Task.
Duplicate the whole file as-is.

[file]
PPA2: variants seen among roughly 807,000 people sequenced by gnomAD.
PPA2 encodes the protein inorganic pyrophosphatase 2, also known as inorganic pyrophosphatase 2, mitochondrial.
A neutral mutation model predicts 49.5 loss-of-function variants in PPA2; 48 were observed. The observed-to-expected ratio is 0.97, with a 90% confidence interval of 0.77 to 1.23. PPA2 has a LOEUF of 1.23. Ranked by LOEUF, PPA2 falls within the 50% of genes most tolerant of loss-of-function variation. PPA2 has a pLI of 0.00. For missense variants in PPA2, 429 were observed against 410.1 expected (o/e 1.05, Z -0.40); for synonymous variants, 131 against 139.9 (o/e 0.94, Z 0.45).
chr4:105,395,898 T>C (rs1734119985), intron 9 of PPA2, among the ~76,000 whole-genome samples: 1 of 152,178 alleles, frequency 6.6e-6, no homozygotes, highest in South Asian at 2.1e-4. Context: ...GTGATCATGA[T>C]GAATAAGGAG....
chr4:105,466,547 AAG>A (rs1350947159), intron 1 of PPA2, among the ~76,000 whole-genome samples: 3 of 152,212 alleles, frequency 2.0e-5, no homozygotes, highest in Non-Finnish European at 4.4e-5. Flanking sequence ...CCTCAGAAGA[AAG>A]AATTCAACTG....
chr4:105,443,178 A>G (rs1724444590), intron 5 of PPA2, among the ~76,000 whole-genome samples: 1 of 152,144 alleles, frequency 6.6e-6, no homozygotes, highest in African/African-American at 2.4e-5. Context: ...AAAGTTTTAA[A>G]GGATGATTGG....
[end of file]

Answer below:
PPA2: variants seen among roughly 807,000 people sequenced by gnomAD.
PPA2 encodes the protein inorganic pyrophosphatase 2, also known as inorganic pyrophosphatase 2, mitochondrial.
A neutral mutation model predicts 49.5 loss-of-function variants in PPA2; 48 were observed. The observed-to-expected ratio is 0.97, with a 90% confidence interval of 0.77 to 1.23. PPA2 has a LOEUF of 1.23. Ranked by LOEUF, PPA2 falls within the 50% of genes most tolerant of loss-of-function variation. PPA2 has a pLI of 0.00. For missense variants in PPA2, 429 were observed against 410.1 expected (o/e 1.05, Z -0.40); for synonymous variants, 131 against 139.9 (o/e 0.94, Z 0.45).
chr4:105,395,898 T>C (rs1734119985), intron 9 of PPA2, among the ~76,000 whole-genome samples: 1 of 152,178 alleles, frequency 6.6e-6, no homozygotes, highest in South Asian at 2.1e-4. Context: ...GTGATCATGA[T>C]GAATAAGGAG....
chr4:105,466,547 AAG>A (rs1350947159), intron 1 of PPA2, among the ~76,000 whole-genome samples: 3 of 152,212 alleles, frequency 2.0e-5, no homozygotes, highest in Non-Finnish European at 4.4e-5. Flanking sequence ...CCTCAGAAGA[AAG>A]AATTCAACTG....
chr4:105,443,178 A>G (rs1724444590), intron 5 of PPA2, among the ~76,000 whole-genome samples: 1 of 152,144 alleles, frequency 6.6e-6, no homozygotes, highest in African/African-American at 2.4e-5. Context: ...AAAGTTTTAA[A>G]GGATGATTGG....